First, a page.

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Why are miscarriages so common?

By December 10, 2008 - 3:43pm
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Up to one in three pregnancies is lost through miscarriage - a horrible statistic. I know a lot of women who have had at least one, including me. Why are the numbers to high? Is this a modern thing? Or have the numbers always been so high but we're just talking about it more now?

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Interesting question! There are so many possible causes for a miscarriage. Most of them occur before the 12th week of pregnancy. Other miscarriages occur so early that the pregnant woman may not even notice she was even pregnant. In these cases they occur in the first two to three weeks of a pregnancy and are usually due to the lack of embryo implant or in other cases, there is no embryo, and the resultant miscarriage is early, but is not the loss of child, though it may still be an emotionally difficult time.

Although medical literature indicates that miscarriages are not caused by working, I think stressful situations at work can contribute to the loss of a pregnancy. Engaging in sexual intercourse, or exercising are not reasons or causes for a miscarriage, however, a woman with a history of more than one should probably refrain from intercourse or streneous exercise at least on the first trimester.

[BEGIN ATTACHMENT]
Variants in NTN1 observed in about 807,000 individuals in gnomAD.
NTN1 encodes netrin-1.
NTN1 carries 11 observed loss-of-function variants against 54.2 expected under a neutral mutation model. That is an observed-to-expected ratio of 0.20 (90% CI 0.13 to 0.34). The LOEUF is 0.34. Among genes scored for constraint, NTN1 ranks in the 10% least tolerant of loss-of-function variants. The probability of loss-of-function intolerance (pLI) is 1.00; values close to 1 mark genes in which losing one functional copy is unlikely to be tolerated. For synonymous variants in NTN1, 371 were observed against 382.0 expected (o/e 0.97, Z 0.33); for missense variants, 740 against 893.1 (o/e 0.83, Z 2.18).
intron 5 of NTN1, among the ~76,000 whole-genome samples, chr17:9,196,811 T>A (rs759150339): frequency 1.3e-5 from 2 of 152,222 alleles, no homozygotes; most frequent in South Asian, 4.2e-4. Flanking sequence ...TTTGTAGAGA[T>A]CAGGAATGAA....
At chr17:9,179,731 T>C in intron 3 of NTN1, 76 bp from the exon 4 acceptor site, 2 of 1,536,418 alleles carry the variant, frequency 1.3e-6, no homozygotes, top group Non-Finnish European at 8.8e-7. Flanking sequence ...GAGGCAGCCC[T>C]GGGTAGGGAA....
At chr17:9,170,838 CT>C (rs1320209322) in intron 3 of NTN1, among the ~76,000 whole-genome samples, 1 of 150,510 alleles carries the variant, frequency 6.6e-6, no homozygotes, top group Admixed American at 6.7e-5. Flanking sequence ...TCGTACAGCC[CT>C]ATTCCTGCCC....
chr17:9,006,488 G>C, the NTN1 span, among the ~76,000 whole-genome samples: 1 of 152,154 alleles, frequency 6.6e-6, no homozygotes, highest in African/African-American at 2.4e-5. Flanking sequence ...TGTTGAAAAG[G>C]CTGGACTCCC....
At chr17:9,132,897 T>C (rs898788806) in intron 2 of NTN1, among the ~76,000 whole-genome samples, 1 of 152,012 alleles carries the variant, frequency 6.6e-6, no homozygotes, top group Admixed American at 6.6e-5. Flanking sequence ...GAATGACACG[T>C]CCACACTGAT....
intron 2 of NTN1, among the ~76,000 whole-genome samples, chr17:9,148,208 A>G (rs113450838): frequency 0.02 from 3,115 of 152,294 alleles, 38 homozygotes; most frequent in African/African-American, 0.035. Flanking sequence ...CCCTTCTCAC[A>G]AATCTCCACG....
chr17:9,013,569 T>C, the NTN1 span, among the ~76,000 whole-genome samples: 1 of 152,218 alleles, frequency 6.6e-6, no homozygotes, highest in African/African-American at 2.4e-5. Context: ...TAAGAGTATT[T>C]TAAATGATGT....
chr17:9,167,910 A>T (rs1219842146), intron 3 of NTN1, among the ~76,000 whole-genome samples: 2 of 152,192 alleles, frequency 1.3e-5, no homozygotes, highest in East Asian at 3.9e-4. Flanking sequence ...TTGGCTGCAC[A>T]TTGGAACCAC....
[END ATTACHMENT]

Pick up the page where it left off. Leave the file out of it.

Miscarriages could be the result of:

1. Genetic abnormalities so severe that life is not sustainable in utero.
2. Failure for an embryo to form a functioning heart or brain due to genetic misfiring usually means fetal death. Often these abnormalities are not the result of known genetic causes in the parents.
3. There are some genetic disorders that may be carried by both parents, or one parent recessively, which can cause severe malformations and miscarriages. When a woman has had more than two miscarriages, obstetricians will often refer the couple to a genetic counselor to rule out a genetic cause.
4. Another cause of miscarriage is malformation or scarring of the uterus, which results in the inability for the unborn child to properly grow.
5. Some diseases may also cause miscarriage. Exposure to measles for a woman who is not immune can cause either miscarriages or severe malformation of an unborn child.
6. Chronic illnesses like diabetes and lupus have also been indicated in higher risk of miscarriage. Diabetes that is well controlled by medication carries a lower risk, but when the disease is uncontrolled the rate of both miscarriage and birth defects significantly increases. Lupus, an autoimmune disorder, can create a situation where normal cells that control immunity do not distinguish between germs and the body’s organs. This may cause the cells to attack the growing embryo, rendering it non-sustainable.
7. Other risk factors include smoking during pregnancy, using certain medications contraindicated during pregnancy, and use of illegal drugs.
8. Low progesterone levels during pregnancy can also result on the loss of the pregancy.

In most cases however, there is no identifiable cause, and women often feel mistakenly guilty for “causing” a miscarriage. Miscarriages taking place closer to the 20th week are more suspect, and an obstetrician may want to initiate testing to discover potential causes. More than two miscarriages usually call for investigation to help prevent future lost pregnancies.

December 11, 2008 - 12:47am
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